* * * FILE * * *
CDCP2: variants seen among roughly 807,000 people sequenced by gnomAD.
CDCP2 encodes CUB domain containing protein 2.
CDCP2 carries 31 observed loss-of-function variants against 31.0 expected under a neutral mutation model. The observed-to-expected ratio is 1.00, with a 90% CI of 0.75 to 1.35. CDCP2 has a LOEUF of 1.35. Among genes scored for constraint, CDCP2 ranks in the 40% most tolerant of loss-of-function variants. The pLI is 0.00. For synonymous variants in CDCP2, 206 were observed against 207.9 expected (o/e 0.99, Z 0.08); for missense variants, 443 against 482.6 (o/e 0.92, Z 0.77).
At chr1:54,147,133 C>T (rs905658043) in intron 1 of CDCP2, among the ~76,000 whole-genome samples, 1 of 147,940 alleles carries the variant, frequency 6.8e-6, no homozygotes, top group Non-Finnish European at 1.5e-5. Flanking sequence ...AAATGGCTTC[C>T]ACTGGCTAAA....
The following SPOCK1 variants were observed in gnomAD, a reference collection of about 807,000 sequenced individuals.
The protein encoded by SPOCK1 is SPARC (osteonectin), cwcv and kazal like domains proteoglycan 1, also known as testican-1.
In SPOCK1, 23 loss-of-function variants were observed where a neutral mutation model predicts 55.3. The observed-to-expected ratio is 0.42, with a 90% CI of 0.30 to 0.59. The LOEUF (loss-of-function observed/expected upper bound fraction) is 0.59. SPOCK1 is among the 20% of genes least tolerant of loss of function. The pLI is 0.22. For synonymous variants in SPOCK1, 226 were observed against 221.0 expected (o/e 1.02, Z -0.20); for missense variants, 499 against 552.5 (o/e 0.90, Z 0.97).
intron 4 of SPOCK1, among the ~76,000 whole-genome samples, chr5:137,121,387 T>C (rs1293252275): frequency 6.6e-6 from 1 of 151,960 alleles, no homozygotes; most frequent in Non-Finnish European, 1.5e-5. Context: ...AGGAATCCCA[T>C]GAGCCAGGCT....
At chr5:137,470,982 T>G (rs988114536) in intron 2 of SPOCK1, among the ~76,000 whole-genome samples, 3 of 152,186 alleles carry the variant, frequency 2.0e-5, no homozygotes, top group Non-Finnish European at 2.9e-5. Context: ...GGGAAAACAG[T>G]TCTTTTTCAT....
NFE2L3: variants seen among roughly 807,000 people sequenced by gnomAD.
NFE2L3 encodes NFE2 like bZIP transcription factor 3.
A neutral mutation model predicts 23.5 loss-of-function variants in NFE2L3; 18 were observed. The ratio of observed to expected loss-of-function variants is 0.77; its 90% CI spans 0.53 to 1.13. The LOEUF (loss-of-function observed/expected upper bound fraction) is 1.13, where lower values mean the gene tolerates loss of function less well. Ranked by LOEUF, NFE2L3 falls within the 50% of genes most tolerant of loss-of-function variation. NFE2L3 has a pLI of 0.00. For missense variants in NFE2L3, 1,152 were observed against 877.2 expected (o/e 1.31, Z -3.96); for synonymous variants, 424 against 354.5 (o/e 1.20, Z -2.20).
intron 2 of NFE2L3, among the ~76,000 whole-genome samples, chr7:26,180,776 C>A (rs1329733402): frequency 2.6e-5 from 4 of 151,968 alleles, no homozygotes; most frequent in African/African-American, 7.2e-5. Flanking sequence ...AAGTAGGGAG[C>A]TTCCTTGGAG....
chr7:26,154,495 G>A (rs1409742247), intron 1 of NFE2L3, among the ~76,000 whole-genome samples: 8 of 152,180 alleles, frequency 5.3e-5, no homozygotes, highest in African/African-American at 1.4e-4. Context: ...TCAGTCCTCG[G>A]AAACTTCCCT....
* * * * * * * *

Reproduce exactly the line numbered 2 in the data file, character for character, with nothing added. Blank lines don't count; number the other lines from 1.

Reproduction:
CDCP2 encodes CUB domain containing protein 2.